While the ultimate impact remains uncertain, there’s no debate that deal activity has been affected by COVID-19. Consider these investment tips — whether you are a buyer or a seller.
- Due to COVID-19, deals have been — and will continue to be — impacted for an undetermined amount of time.
- Prepare for a heightened due diligence process if you have an upcoming or in-progress deal.
- For both buyers and sellers, consider your specific industry and how you might mitigate risk areas.
- Plan for delays in deal closings and the launch of new sale processes, which may also affect the timing and completion of due diligence.
Dealmakers started the year with great hope. January and February saw 37% year-over-year growth, which was followed by a strong start to March as well. But as the year progressed, so did COVID-19. Recent discussions with professionals across various fields and industries have yielded differing opinions on COVID-19’s potential impact on upcoming deal activity.
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Can we expect a pause in deal activity, or will the cash that private equity firms have raised in past years now be used to fuel deal-making? While this is an ongoing debate, we can all agree that deals have been — and will continue to be — impacted for the foreseeable future.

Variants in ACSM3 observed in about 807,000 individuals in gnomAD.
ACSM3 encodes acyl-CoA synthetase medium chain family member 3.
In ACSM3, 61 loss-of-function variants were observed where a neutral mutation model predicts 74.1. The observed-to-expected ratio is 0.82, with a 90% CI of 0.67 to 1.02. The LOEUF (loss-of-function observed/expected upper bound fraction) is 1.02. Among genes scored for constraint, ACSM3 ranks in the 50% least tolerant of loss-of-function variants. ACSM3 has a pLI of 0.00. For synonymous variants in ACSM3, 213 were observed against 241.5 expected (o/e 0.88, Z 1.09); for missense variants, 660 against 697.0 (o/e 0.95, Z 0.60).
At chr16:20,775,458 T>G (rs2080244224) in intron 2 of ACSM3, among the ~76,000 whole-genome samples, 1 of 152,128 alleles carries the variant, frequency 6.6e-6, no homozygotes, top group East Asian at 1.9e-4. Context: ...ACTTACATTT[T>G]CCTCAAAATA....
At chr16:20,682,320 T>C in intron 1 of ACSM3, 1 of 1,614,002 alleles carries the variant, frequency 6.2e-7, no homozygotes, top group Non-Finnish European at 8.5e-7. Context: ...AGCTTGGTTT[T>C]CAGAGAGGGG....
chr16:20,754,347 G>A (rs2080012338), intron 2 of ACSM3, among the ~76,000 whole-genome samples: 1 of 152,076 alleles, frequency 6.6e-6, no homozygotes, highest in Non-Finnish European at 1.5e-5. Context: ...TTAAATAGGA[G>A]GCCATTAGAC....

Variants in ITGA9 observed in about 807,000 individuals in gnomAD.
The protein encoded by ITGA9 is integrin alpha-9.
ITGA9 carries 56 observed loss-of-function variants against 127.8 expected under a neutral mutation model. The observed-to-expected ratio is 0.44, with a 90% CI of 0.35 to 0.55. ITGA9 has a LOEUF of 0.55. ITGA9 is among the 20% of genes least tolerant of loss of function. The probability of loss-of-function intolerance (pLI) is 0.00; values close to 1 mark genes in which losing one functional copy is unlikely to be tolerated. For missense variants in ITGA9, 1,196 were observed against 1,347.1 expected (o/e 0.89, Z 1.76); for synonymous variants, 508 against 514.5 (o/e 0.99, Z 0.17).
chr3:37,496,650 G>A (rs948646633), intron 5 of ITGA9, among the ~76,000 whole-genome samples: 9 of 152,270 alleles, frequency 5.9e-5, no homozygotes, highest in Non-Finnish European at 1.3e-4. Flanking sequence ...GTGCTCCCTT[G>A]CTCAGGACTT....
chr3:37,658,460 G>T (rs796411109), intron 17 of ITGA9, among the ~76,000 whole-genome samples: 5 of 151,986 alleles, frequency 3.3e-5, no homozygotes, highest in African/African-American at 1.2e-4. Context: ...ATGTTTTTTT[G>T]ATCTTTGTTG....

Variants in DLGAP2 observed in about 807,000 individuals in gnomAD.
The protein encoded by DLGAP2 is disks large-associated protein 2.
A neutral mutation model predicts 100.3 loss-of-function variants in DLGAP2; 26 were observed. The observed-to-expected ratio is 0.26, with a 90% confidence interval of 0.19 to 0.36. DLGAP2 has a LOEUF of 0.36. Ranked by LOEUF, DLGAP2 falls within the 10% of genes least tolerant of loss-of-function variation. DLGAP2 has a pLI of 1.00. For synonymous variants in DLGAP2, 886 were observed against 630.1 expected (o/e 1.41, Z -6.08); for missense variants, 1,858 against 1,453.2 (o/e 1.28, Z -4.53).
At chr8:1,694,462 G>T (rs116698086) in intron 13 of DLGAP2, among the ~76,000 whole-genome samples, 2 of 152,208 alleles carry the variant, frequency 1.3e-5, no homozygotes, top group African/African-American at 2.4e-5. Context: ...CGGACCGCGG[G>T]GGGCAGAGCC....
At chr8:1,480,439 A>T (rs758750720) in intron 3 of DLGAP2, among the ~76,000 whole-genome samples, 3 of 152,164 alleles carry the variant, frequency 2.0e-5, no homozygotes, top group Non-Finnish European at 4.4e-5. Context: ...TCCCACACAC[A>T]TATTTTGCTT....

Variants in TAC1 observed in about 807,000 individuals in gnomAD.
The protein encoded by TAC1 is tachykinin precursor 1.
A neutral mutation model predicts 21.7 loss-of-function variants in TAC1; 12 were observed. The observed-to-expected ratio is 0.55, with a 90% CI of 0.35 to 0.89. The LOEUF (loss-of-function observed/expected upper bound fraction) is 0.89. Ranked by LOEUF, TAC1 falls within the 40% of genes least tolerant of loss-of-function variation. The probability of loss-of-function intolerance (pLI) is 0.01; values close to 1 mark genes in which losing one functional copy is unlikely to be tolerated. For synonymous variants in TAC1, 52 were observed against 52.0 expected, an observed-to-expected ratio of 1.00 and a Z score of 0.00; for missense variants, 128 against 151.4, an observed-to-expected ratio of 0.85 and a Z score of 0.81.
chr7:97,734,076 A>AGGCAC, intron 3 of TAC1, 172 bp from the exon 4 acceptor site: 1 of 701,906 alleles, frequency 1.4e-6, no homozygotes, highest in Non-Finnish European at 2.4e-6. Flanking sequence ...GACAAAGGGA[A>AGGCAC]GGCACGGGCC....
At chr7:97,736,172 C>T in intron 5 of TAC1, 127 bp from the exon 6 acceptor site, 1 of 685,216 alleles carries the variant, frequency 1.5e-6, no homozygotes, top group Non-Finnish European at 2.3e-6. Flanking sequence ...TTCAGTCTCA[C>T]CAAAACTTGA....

Prepare for a heightened due diligence process
COVID-19’s ultimate impact on dealmaking remains uncertain. However, there are ways you can prepare for an upcoming or in-progress deal. Expect the quality of earnings process to shift its focus toward greater scrutiny in subjective areas, such as:
- Pro forma EBITDA adjustments
- Sensitivity analysis of projections
- The overall strength of the balance sheet
- Volatility in specific industries
While both buy- and sell-side quality of earnings reports focus on normalizing historical earnings, many organizations also integrate pro forma adjustments to reflect their current level of sales volume. This is a widely accepted practice in the marketplace, but it often creates tension, depending upon which side of the deal you’re on.
As a buyer, ask yourself:
- How much credence should be given to these adjustments?
- What level of discount should be applied?
As a seller, you should :
- Consider the amount of credit you can claim, especially in a competitive process.
- Be prepared to defend pro forma adjustments with supporting calculations, and, where applicable, include customer and supplier contracts and documentation.
- Demonstrate recent performance that reflects the expected future run rate.
Provide multiple scenarios in financial projections
Detail financial projections — especially over the next 12 to 24 months — and offer a variety of scenarios and a thorough sensitivity analysis. Bridge historical results to future projections and include pro forma adjustments to provide clarity. Assess all possible scenarios that may affect the organization and provide a realistic outlook to help satisfy buyer scrutiny. This also helps alleviate the additional stress a seller may feel when being challenged on any assumptions.